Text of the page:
Block scheduling is a popular solution to the problem of covering required core curriculum in a limited amount of time. While block scheduling does not work for all schools, it does provide some advantages over the traditional sequential structure. Instead of having first-hour English, and second-hour science, block schedules might have English in the first and second hour on Monday, Wednesday, and Friday, and science during the same times on Tuesdays and Thursdays. In effect, block schedules create longer class times, but offer the classes less frequently.
One key advantage to a block schedule is that it gives tremendous flexibility for the teacher to offer both breadth and depth into a given topic. If an English teacher always wanted to read the entire "Diary of Anne Frank" in one week, this may have been impossible under a normal schedule, but not with a block schedule. With less time spent dealing with administrative tasks, such as attendance, and no down-time in the hallway passing between classes, block scheduling allows for longer periods of uninterrupted work in class.
Under a block schedule, teachers are free to write longer and more detailed tests because students have double or perhaps even triple the amount of time to take the tests. This obviously improves both test security and integrity. Students who tend to take a little more time with these tests may find that the block schedule better accommodates their needs. This may be one reason a majority of the research on block scheduling does seem to indicate that student performance on assessments increases slightly.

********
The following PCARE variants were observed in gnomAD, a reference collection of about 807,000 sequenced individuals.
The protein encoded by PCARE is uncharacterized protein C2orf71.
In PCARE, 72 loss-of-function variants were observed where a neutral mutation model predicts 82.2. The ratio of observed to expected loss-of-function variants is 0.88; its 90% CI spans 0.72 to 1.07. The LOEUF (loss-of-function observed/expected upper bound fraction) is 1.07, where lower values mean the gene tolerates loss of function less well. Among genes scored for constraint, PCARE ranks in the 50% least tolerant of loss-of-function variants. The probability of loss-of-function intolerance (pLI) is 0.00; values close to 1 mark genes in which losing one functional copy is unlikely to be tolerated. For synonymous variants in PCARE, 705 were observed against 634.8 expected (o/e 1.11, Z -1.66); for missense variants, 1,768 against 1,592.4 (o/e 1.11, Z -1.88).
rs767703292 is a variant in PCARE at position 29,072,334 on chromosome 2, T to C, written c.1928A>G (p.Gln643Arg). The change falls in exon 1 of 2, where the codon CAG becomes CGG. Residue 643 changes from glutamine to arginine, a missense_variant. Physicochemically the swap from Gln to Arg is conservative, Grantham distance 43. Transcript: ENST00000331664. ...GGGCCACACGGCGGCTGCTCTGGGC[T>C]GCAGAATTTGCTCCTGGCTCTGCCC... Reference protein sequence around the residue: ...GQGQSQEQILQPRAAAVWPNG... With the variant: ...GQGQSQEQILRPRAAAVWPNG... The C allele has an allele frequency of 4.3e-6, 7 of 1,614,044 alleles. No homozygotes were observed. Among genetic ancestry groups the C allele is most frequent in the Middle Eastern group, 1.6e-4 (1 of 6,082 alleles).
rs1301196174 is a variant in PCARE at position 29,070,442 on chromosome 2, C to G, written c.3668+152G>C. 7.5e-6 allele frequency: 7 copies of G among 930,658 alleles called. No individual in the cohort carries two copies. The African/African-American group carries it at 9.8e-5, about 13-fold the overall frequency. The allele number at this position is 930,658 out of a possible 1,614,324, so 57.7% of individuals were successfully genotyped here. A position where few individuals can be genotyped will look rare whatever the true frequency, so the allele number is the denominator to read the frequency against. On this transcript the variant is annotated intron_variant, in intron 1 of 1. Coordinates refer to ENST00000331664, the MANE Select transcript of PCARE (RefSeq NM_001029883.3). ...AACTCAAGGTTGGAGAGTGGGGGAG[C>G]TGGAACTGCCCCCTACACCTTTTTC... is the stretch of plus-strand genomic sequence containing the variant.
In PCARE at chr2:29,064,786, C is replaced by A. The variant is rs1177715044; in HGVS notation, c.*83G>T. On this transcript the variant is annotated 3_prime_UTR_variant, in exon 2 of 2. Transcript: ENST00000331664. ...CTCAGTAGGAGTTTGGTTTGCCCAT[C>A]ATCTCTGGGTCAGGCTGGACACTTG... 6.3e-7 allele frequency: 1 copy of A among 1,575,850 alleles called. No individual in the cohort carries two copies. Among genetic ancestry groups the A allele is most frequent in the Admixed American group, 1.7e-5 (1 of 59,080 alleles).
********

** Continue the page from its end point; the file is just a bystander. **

But not all is ideal in the block schedule. Complaints and dissatisfaction by both teachers and students of too much time in the material in one sitting are fairly common. Even for the most enthusiastic student or teacher, sometimes more science, math, or gym, is not better. It is just more. This dissatisfaction on the part of the teaching staff may be a contributing reason why middle school performance does not automatically increase once block scheduling is implemented. If the teaching staff does not buy in to the program, it will not translate into increased student achievement and satisfaction.
The research on block scheduling is far from conclusive. Student performance does not automatically increase under block scheduling But the research does indicate that student discipline referrals drop significantly with block scheduling. The reason for this is simple. Most student incidents occur in the hallway during the passing of classes. Under block schedules, student passing time in the hall may be reduced by nearly 50 percent. Less time in the unsupervised hallway means less student interaction and less potential conflict. Safe schools are something every student, teacher, administrator, and parent wants, so for this reason alone block scheduling has a positive effect on the middle school student.
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